A total of six teams ran, kicked and served their way to raising $16,700 in the inaugural KidSport Corporate Challenge on Saturday, and not a moment too soon.
KidSport Prince Albert, which pays sports registration fees for local youth from low-income families, faced such an overwhelming demand for help in 2017 that they ran out of funds in September. Dwight Bergstrom, the organization’s chair, said they’re trying to avoid a repeat this year, and the KidSport Corporate Challenge went a long way to helping.
“The total support from the community, financially, I would say, exceeded what our expectations were,” Bergstrom said. “The business community really came on board…. It was really heartening to have that kind of support come in for us.”
On average, KidSport Prince Albert provides funding to roughly 300 kids per year, to the tune of about $240 or $250 per youth. That number has steadily increased recently due to improved communication with parents, but it’s created a predicament for the organization, which doesn’t have the funds to keep up with current demand.
“We ran out of cash, so we went October, November, December (of 2017) with applications coming in with no money to fund those kids,” Bergstrom explained. “We’re trying to not have that happen by getting the community more and more involved.”
That’s just the tip of the iceberg too. Using the most recent census data on the number of low-income families in the city, Bergstrom estimates that as many as 4,600 youth in Prince Albert could potentially qualify for KidSport funding.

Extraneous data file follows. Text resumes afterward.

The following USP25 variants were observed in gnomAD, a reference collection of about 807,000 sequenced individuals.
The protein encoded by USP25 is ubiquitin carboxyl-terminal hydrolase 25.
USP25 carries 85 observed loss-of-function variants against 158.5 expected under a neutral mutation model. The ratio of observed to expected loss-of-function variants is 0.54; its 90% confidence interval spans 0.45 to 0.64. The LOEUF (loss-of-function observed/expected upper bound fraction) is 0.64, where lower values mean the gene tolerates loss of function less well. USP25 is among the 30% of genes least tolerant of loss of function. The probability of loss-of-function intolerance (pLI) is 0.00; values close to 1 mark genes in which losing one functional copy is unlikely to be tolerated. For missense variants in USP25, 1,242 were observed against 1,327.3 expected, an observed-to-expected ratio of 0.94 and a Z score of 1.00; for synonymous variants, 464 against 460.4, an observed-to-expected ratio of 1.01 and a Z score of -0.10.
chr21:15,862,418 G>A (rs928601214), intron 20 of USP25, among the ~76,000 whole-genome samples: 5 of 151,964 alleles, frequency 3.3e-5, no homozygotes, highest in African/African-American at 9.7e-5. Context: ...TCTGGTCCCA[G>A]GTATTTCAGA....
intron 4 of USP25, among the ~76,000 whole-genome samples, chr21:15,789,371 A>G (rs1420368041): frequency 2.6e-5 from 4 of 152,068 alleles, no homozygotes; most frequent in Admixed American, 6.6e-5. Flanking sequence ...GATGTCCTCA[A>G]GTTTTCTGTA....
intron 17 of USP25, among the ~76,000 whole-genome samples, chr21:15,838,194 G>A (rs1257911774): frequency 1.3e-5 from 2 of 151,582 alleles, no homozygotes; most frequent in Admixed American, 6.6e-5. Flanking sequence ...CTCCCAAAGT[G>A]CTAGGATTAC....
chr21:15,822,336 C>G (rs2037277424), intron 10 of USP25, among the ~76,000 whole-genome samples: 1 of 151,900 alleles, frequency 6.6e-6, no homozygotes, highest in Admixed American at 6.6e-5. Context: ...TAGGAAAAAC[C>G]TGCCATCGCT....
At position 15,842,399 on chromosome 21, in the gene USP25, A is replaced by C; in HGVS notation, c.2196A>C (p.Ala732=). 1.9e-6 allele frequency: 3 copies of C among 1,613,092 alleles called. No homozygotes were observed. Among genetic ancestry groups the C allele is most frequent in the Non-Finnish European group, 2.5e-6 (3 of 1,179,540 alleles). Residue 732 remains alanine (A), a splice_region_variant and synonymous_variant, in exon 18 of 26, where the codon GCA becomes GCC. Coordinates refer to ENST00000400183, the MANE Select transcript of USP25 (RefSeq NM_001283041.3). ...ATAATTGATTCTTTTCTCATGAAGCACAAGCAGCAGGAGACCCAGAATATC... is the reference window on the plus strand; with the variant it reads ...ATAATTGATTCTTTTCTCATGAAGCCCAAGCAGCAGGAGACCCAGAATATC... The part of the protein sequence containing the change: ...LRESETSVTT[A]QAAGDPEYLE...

“I don’t know what we would do if we had 4,600 applications,” he said. “What we need to do now is grow the community support for KidSport (and) grow the community’s interest in funding kids through this program.”
Although the organization faces a significant potential demand, local businesses and non-profits have stepped up to help how they can. Even though only six teams competed in Saturday’s corporate challenge, many more donated a registration fee, even though they wouldn’t have enough people to compete.
Other organizations, like the Kinettes, the Optimist Club, the Prince Albert Ski Club, Hillside Physical Health and Fitness and the Prince Albert Outlaws lacrosse team, have all jumped in to hold KidSport fundraisers of their own.
Bergstrom said it’s encouraging to see these local businesses and organizations take the initiative, since there’s only so much KidSport itself can do.
“Thank goodness there are more and more organizations coming to us and saying, ‘can we do a fundraising event for you and dedicate the money to KidSport?’” he said. “That’s the only way we’re probably going to come close to meeting the demand that we think is going to grow in the city.”
KidSport Prince Albert tried to host as many events as possible in May, which is recognized as KidSport Month right across Canada. The corporate challenge was the cherry on top for the organization, and was successful enough to likely make a return in 2019, albeit with a few changes.
“We had some good feedback from the (teams) that were involved and the people who participated,” Bergstrom said. “It was our first year and we’re going to keep tweaking things, and hopefully the corporate and business support will stay as strong as it was this year and if we can get some more teams involved, I think we’re involved in a pretty good annual fundraiser here for these kids.”